Mallory Owens

 

Mallory Owens, a 23-year-old Alabama woman, has been released from the hospital after being brutally beaten by her girlfriend’s 18-year-old brother, Travis Hawkins, during Thanksgiving dinner at the Hawkins’ home.

Owens suffered multiple skull fractures and crushed bones, and had to have facial reconstruction surgery with metal plates put in her cheekbones due to the severity of her injuries.

Owens’s family has said that the beating was a hate crime, and that Hawkins beat Mallory because Mallory is a lesbian. Hawkins has been charged with 2nd degree assault, but Mallory’s family has said that it was more than that — it was “attempted murder” and a hate crime.

 

Mallory Owens and her girlfriend, Ally Hawkins


"She was invited over by the family to eat Thanksgiving,” Mallory’s mother, Kristi Taylor, told WKRG. “I did not want her to go, I begged her not to go, knowing how the family felt about her. But she said, 'They're trying to be nice.'"

“He's never liked Mallory because [Ally, Mallory’s girlfriend and Hawkins’s sister] is in a relationship with a girl, he has never liked that fact whatsoever,” said Avery Godwin, Mallory’s sister.

Kristi Taylor told Fox 10 TV that this isn’t the first time Hawkins attacked Mallory: “The first time he attacked her with a pipe and hit her in the back of the head and on the back a few times,” she said.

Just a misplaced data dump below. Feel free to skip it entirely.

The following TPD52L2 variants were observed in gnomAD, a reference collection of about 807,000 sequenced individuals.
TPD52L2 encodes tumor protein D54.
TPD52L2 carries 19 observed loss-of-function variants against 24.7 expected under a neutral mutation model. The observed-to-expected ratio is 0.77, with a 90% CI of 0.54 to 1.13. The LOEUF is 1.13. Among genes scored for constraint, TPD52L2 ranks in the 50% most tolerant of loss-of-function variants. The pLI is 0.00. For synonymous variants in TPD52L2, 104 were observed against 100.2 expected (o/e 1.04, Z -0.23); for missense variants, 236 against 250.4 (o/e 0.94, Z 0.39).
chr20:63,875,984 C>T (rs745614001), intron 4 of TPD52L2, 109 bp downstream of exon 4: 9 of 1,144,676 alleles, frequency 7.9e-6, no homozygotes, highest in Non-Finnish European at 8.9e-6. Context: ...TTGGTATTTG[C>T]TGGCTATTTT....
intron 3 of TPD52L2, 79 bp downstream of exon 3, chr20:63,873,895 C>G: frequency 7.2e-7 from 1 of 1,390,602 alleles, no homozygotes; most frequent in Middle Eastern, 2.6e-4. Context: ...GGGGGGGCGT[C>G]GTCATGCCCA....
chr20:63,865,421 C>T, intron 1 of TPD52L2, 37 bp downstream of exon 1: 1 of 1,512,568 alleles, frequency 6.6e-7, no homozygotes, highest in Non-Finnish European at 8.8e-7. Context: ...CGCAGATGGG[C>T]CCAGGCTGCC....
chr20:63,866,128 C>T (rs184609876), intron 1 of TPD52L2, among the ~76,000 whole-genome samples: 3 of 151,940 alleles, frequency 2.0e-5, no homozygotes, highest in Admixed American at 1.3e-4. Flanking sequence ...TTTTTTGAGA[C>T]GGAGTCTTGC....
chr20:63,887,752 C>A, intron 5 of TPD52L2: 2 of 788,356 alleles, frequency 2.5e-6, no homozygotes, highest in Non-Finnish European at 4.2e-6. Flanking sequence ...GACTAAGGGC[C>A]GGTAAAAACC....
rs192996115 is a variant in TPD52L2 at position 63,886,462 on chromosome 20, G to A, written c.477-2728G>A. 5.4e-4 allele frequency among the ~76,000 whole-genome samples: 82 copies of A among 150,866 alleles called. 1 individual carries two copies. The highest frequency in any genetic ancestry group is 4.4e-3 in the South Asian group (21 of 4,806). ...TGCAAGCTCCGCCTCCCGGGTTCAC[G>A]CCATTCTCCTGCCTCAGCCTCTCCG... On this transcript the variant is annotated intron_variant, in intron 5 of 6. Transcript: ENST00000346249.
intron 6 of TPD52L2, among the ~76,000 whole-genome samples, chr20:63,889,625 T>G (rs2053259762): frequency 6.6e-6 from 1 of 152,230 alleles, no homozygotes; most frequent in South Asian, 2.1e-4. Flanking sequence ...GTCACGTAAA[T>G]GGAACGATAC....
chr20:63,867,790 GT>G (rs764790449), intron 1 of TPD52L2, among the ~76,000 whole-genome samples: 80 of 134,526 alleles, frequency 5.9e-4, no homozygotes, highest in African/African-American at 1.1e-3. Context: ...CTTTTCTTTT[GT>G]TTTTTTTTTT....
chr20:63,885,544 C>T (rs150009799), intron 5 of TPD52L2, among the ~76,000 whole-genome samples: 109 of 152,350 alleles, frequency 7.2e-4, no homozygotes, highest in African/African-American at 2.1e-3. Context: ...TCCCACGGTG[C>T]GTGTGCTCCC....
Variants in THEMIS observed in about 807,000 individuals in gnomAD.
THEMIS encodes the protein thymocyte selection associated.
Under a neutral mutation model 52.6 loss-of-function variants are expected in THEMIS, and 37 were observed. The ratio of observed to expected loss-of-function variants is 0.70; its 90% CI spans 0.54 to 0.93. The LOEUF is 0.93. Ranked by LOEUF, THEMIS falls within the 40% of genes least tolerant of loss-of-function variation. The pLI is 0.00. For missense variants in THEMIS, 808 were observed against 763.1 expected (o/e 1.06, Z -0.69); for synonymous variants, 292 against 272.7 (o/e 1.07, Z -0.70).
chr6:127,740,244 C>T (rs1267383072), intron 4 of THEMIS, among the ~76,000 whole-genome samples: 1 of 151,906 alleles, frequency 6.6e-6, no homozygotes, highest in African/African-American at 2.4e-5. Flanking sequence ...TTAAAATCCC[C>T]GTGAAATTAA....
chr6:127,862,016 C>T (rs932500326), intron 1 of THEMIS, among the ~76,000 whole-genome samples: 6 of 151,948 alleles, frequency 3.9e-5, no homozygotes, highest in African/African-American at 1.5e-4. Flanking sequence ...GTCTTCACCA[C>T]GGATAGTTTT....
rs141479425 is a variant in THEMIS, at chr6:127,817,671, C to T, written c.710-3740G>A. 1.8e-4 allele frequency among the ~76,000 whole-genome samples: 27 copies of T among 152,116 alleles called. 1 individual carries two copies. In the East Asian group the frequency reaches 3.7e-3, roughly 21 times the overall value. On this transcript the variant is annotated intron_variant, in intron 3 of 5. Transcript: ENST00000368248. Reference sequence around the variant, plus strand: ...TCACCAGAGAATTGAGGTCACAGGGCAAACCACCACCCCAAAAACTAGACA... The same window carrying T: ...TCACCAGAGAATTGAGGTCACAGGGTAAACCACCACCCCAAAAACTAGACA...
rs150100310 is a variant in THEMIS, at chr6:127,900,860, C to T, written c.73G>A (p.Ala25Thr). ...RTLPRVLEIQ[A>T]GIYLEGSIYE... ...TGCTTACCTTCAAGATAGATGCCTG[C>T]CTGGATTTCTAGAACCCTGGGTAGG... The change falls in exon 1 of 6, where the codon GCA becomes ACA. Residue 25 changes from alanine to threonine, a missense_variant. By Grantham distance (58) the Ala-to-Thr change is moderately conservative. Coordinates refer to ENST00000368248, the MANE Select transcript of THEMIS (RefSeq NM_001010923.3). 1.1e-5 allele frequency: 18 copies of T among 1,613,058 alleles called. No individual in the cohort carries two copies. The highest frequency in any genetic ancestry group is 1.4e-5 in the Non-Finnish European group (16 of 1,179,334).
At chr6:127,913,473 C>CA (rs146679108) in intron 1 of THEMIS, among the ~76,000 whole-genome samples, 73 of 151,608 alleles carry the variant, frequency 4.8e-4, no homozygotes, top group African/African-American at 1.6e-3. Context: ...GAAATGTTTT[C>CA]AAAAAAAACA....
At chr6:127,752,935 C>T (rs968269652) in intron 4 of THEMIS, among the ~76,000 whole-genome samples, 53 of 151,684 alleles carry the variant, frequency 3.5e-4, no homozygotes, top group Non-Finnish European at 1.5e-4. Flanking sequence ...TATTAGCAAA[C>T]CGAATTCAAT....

However, Mallory has said that the attack was not a hate crime. She told WKRG that her sexual orientation was not the reason she was attacked.

“A lot of things have happened between us, but it doesn't make me hate her brother," she said. "I don't hate her family at all, or anybody for that matter."

 

Travis Hawkins


Mallory’s girlfriend and Travis’s sister, Ally Hawkins, agreed that it wasn’t a hate crime, but would not say why Travis attacked Mallory.

"It's not a hate crime at all," said she said. "We both know the reason why this happened, and it doesn't make any excuses for him, I'm not defending him at all. I know why he was angry, and that will come out.”

Hawkins’s attorney also denies that the attack was a hate crime. "They (the Hawkins family) have recognized that the relationship between Mallory and Ally is a long-term commitment, and the choice is to say, 'Well, we're angry about something that may have happened in the past,' and risk losing the relationship with their daughter, or to say 'Look, you guys are life partners, welcome into the family,'" he said.

Mallory’s family disagrees, and is still pushing for the charges to be upgraded to attempted murder. (Alabama’s hate crime laws do not cover sexual orientation.) Whatever the reason for the beating, it was brutal — you can read more about it (and see graphic photos) here.

 

 

Images from nydailynews.com, bossip.com

Tagged in: LGBT rights, LGBT issues, hate crime, gay and lesbian, alabama   

The opinions expressed on the BUST blog are those of the authors themselves and do not necessarily reflect the position of BUST Magazine or its staff.




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